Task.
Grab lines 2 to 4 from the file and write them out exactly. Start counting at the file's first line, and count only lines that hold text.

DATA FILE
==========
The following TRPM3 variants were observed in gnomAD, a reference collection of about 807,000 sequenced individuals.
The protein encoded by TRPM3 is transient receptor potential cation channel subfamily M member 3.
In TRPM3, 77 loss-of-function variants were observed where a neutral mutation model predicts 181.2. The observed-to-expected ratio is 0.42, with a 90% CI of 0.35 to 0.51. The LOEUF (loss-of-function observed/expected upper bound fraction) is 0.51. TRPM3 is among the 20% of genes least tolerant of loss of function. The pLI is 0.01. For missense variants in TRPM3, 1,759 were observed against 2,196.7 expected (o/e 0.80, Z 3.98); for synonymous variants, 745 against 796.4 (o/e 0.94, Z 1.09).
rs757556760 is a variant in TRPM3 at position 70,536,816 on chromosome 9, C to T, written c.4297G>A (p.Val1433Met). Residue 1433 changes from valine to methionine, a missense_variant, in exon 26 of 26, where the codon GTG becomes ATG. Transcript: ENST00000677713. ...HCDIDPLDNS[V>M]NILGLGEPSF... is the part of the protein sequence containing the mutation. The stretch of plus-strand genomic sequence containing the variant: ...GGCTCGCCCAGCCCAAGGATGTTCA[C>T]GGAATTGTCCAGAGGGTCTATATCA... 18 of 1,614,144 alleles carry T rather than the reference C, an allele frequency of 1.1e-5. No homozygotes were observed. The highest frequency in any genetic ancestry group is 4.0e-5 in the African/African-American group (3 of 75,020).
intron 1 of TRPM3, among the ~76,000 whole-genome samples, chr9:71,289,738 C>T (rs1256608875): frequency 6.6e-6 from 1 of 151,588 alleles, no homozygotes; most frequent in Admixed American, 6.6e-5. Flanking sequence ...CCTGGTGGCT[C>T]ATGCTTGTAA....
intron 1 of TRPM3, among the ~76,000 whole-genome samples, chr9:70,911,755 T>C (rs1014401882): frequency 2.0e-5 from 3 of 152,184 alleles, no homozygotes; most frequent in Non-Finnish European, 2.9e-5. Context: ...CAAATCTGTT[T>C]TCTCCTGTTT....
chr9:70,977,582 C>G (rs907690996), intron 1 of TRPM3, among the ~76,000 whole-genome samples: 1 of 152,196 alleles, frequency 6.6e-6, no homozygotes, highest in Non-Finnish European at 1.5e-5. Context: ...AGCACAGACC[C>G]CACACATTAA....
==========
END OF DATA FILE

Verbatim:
The protein encoded by TRPM3 is transient receptor potential cation channel subfamily M member 3.
In TRPM3, 77 loss-of-function variants were observed where a neutral mutation model predicts 181.2. The observed-to-expected ratio is 0.42, with a 90% CI of 0.35 to 0.51. The LOEUF (loss-of-function observed/expected upper bound fraction) is 0.51. TRPM3 is among the 20% of genes least tolerant of loss of function. The pLI is 0.01. For missense variants in TRPM3, 1,759 were observed against 2,196.7 expected (o/e 0.80, Z 3.98); for synonymous variants, 745 against 796.4 (o/e 0.94, Z 1.09).
rs757556760 is a variant in TRPM3 at position 70,536,816 on chromosome 9, C to T, written c.4297G>A (p.Val1433Met). Residue 1433 changes from valine to methionine, a missense_variant, in exon 26 of 26, where the codon GTG becomes ATG. Transcript: ENST00000677713. ...HCDIDPLDNS[V>M]NILGLGEPSF... is the part of the protein sequence containing the mutation. The stretch of plus-strand genomic sequence containing the variant: ...GGCTCGCCCAGCCCAAGGATGTTCA[C>T]GGAATTGTCCAGAGGGTCTATATCA... 18 of 1,614,144 alleles carry T rather than the reference C, an allele frequency of 1.1e-5. No homozygotes were observed. The highest frequency in any genetic ancestry group is 4.0e-5 in the African/African-American group (3 of 75,020).